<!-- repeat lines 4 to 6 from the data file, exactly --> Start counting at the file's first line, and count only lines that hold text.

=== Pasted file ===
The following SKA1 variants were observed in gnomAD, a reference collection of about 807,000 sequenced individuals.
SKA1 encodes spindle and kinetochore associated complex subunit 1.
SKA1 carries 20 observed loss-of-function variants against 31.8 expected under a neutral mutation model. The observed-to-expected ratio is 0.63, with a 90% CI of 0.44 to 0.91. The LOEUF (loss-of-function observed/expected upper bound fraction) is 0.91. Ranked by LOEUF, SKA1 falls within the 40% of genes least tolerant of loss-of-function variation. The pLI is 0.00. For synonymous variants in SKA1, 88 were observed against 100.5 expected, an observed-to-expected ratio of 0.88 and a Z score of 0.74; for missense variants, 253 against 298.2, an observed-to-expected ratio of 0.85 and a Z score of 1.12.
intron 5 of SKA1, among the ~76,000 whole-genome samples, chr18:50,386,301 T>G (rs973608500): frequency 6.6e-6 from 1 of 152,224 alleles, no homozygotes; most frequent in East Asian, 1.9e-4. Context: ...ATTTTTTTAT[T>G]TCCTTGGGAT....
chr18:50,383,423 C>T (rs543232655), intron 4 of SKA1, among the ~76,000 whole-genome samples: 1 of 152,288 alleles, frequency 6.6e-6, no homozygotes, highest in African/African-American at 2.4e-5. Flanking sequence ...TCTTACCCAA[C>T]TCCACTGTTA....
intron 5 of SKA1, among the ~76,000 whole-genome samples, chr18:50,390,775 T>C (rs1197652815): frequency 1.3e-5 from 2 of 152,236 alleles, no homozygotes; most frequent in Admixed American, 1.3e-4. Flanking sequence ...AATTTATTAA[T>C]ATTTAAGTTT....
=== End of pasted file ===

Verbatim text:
intron 5 of SKA1, among the ~76,000 whole-genome samples, chr18:50,386,301 T>G (rs973608500): frequency 6.6e-6 from 1 of 152,224 alleles, no homozygotes; most frequent in East Asian, 1.9e-4. Context: ...ATTTTTTTAT[T>G]TCCTTGGGAT....
chr18:50,383,423 C>T (rs543232655), intron 4 of SKA1, among the ~76,000 whole-genome samples: 1 of 152,288 alleles, frequency 6.6e-6, no homozygotes, highest in African/African-American at 2.4e-5. Flanking sequence ...TCTTACCCAA[C>T]TCCACTGTTA....
intron 5 of SKA1, among the ~76,000 whole-genome samples, chr18:50,390,775 T>C (rs1197652815): frequency 1.3e-5 from 2 of 152,236 alleles, no homozygotes; most frequent in Admixed American, 1.3e-4. Flanking sequence ...AATTTATTAA[T>C]ATTTAAGTTT....